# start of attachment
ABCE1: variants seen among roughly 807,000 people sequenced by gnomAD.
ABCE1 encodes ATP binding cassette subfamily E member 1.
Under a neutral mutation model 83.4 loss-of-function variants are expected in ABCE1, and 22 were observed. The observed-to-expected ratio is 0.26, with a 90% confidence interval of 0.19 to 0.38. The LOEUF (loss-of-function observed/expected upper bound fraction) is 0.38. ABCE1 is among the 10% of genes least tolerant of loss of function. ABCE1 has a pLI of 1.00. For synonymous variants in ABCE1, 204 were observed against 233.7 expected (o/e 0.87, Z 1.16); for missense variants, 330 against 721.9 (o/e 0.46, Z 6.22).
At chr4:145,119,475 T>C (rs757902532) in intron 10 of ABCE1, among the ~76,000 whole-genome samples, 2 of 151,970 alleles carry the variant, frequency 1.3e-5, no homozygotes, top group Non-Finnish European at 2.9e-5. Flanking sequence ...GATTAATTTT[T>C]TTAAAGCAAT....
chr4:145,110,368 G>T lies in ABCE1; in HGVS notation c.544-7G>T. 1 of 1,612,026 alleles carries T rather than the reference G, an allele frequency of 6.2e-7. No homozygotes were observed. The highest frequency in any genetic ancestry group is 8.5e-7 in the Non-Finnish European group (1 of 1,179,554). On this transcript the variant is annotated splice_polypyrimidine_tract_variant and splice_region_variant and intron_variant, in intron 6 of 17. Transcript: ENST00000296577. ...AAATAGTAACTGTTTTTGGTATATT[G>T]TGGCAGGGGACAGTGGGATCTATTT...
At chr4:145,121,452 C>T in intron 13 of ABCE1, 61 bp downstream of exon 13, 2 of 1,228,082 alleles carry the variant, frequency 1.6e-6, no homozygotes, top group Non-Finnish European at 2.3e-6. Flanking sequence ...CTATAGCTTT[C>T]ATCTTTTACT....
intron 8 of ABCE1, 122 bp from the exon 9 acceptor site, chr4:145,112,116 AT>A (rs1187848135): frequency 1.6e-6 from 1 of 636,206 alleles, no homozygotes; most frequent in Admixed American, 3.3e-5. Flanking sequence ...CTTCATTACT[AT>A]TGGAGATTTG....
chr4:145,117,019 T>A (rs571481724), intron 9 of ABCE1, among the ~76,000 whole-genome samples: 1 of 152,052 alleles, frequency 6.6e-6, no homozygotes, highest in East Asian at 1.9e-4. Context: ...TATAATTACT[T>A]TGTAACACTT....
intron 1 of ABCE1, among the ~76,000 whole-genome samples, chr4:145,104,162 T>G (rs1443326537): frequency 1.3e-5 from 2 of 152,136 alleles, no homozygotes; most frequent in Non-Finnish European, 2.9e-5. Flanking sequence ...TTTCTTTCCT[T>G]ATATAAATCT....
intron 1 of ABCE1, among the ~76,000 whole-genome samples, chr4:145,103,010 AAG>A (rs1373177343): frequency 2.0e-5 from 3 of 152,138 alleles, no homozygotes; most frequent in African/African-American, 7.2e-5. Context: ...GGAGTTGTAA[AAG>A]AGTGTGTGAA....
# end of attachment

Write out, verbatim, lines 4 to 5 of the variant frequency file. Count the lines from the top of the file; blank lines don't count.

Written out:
At chr4:145,119,475 T>C (rs757902532) in intron 10 of ABCE1, among the ~76,000 whole-genome samples, 2 of 151,970 alleles carry the variant, frequency 1.3e-5, no homozygotes, top group Non-Finnish European at 2.9e-5. Flanking sequence ...GATTAATTTT[T>C]TTAAAGCAAT....
chr4:145,110,368 G>T lies in ABCE1; in HGVS notation c.544-7G>T. 1 of 1,612,026 alleles carries T rather than the reference G, an allele frequency of 6.2e-7. No homozygotes were observed. The highest frequency in any genetic ancestry group is 8.5e-7 in the Non-Finnish European group (1 of 1,179,554). On this transcript the variant is annotated splice_polypyrimidine_tract_variant and splice_region_variant and intron_variant, in intron 6 of 17. Transcript: ENST00000296577. ...AAATAGTAACTGTTTTTGGTATATT[G>T]TGGCAGGGGACAGTGGGATCTATTT...